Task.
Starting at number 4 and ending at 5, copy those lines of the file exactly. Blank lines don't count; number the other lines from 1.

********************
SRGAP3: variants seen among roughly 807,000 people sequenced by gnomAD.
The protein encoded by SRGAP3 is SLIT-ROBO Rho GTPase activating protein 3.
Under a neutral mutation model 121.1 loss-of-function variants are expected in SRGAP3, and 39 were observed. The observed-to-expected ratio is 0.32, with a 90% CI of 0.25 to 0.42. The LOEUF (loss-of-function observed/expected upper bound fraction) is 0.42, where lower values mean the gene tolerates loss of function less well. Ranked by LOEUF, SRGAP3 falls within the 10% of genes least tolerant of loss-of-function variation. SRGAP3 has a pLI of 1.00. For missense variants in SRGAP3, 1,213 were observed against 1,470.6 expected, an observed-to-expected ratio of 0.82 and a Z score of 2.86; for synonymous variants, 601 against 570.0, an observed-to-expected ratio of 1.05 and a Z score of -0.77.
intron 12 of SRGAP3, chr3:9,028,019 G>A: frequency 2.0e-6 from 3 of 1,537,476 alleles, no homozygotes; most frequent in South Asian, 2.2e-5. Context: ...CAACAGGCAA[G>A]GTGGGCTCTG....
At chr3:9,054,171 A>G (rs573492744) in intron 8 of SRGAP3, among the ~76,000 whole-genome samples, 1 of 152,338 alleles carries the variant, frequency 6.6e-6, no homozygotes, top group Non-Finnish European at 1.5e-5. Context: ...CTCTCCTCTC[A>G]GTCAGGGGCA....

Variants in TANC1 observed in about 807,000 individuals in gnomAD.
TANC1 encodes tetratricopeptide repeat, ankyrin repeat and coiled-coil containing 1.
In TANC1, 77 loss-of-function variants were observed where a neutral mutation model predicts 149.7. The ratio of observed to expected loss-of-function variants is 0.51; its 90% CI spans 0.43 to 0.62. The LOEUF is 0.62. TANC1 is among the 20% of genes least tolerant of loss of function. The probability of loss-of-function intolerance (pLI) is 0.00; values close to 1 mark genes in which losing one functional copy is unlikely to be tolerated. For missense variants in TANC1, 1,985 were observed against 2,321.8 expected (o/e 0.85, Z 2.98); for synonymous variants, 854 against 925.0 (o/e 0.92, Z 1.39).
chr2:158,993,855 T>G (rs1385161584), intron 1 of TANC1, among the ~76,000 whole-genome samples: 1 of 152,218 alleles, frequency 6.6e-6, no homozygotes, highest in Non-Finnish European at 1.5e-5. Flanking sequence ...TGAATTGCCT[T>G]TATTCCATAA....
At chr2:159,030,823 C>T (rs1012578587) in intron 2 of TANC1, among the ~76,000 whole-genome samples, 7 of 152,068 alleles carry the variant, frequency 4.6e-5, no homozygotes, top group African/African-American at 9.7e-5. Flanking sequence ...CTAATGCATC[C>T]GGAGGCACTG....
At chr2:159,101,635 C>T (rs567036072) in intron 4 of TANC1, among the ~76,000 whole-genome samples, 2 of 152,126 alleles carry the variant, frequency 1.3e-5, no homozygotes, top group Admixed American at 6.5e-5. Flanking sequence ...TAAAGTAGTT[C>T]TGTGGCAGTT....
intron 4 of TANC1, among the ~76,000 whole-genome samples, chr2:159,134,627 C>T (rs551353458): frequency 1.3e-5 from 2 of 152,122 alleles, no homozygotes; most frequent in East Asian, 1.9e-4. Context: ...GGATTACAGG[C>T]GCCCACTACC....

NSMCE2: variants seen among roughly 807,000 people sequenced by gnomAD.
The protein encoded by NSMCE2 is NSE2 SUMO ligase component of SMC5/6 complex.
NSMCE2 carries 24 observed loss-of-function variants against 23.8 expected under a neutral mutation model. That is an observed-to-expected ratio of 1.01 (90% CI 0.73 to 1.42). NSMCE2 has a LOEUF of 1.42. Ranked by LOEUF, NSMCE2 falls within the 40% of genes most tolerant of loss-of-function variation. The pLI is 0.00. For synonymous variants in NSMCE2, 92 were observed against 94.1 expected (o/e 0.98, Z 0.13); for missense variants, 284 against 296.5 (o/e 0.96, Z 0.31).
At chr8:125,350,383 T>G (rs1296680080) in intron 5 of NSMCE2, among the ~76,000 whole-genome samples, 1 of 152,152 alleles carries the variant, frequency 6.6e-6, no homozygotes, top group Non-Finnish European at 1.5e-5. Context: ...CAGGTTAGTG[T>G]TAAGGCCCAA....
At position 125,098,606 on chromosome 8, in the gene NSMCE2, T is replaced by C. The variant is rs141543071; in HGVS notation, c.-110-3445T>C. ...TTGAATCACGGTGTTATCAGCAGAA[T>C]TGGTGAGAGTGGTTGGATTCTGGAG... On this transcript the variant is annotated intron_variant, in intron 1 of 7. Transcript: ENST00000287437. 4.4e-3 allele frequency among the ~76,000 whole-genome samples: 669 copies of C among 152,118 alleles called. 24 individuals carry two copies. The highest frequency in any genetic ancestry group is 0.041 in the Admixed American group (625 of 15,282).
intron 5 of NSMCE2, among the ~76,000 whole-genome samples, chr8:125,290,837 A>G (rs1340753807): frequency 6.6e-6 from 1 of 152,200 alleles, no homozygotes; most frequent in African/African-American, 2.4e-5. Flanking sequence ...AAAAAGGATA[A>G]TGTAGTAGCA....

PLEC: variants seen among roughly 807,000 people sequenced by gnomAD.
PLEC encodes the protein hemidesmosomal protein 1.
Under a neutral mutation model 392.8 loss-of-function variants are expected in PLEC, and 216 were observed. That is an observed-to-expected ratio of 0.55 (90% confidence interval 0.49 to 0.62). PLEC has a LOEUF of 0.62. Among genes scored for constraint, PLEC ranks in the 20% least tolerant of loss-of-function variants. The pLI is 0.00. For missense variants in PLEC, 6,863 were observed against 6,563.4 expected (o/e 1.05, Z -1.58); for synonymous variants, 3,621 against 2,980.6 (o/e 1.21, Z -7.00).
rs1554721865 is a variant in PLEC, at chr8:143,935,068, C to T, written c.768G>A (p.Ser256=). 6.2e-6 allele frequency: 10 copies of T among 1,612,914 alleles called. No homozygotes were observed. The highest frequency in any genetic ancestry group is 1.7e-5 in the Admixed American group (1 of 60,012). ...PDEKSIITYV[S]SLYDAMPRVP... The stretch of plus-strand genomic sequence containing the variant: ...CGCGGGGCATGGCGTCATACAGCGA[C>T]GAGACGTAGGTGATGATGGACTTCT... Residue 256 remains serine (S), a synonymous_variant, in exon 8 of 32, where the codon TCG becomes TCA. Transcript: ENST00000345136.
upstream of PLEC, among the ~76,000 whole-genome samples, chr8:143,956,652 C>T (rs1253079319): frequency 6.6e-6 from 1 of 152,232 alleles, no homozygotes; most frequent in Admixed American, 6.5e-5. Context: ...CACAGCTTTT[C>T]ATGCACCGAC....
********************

intron 12 of SRGAP3, chr3:9,028,019 G>A: frequency 2.0e-6 from 3 of 1,537,476 alleles, no homozygotes; most frequent in South Asian, 2.2e-5. Context: ...CAACAGGCAA[G>A]GTGGGCTCTG....
At chr3:9,054,171 A>G (rs573492744) in intron 8 of SRGAP3, among the ~76,000 whole-genome samples, 1 of 152,338 alleles carries the variant, frequency 6.6e-6, no homozygotes, top group Non-Finnish European at 1.5e-5. Context: ...CTCTCCTCTC[A>G]GTCAGGGGCA....